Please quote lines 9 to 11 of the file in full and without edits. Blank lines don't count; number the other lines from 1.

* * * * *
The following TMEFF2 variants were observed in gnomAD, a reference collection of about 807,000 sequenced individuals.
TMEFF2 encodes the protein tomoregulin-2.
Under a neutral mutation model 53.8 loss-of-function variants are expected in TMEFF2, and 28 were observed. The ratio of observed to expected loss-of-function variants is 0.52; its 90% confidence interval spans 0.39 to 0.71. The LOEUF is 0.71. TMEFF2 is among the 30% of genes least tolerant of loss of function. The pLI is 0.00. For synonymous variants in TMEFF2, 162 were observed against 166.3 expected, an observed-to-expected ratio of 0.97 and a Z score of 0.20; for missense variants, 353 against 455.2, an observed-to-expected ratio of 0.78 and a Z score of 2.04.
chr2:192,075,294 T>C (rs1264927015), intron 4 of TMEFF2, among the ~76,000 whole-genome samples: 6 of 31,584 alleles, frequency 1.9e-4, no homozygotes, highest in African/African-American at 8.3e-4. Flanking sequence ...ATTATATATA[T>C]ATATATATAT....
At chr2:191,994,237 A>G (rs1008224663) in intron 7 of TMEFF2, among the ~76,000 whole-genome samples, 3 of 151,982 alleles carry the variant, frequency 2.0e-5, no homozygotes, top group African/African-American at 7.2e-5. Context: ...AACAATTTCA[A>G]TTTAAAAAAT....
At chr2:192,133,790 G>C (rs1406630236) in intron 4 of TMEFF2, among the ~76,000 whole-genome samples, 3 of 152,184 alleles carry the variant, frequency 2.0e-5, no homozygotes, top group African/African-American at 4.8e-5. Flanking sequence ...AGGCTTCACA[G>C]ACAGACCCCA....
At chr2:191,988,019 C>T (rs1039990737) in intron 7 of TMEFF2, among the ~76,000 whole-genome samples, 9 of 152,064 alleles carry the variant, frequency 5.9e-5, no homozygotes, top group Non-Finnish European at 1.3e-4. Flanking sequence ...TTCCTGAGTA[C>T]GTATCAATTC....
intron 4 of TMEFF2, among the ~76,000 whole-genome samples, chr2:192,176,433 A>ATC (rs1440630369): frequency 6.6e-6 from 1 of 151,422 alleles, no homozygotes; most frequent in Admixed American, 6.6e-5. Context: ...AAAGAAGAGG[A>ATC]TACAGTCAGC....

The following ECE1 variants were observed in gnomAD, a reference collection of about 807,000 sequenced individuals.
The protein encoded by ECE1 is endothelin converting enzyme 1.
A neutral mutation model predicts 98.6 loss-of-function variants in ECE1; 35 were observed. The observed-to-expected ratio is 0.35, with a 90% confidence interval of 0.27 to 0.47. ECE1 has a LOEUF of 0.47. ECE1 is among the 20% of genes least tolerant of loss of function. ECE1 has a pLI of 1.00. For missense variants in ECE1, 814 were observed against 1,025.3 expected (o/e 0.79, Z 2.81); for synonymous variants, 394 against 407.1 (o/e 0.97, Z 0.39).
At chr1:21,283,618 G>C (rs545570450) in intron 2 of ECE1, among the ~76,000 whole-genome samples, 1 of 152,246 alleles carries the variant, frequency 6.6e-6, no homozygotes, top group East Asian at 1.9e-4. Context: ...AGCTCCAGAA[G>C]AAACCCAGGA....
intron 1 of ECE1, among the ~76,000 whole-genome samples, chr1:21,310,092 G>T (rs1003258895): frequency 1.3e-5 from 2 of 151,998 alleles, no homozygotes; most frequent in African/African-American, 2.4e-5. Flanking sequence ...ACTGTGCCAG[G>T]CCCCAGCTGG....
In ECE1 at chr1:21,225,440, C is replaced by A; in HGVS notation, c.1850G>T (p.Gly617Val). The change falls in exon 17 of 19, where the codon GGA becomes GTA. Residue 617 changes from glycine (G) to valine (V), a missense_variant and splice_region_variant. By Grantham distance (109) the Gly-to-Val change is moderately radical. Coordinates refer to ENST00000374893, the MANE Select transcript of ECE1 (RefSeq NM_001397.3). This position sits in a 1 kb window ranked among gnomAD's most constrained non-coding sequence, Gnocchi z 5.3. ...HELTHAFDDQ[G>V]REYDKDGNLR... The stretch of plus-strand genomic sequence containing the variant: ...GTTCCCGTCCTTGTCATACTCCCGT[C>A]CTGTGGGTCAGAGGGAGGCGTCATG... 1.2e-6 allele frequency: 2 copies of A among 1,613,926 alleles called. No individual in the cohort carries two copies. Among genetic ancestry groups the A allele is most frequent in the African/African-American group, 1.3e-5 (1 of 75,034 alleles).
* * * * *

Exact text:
The following ECE1 variants were observed in gnomAD, a reference collection of about 807,000 sequenced individuals.
The protein encoded by ECE1 is endothelin converting enzyme 1.
A neutral mutation model predicts 98.6 loss-of-function variants in ECE1; 35 were observed. The observed-to-expected ratio is 0.35, with a 90% confidence interval of 0.27 to 0.47. ECE1 has a LOEUF of 0.47. ECE1 is among the 20% of genes least tolerant of loss of function. ECE1 has a pLI of 1.00. For missense variants in ECE1, 814 were observed against 1,025.3 expected (o/e 0.79, Z 2.81); for synonymous variants, 394 against 407.1 (o/e 0.97, Z 0.39).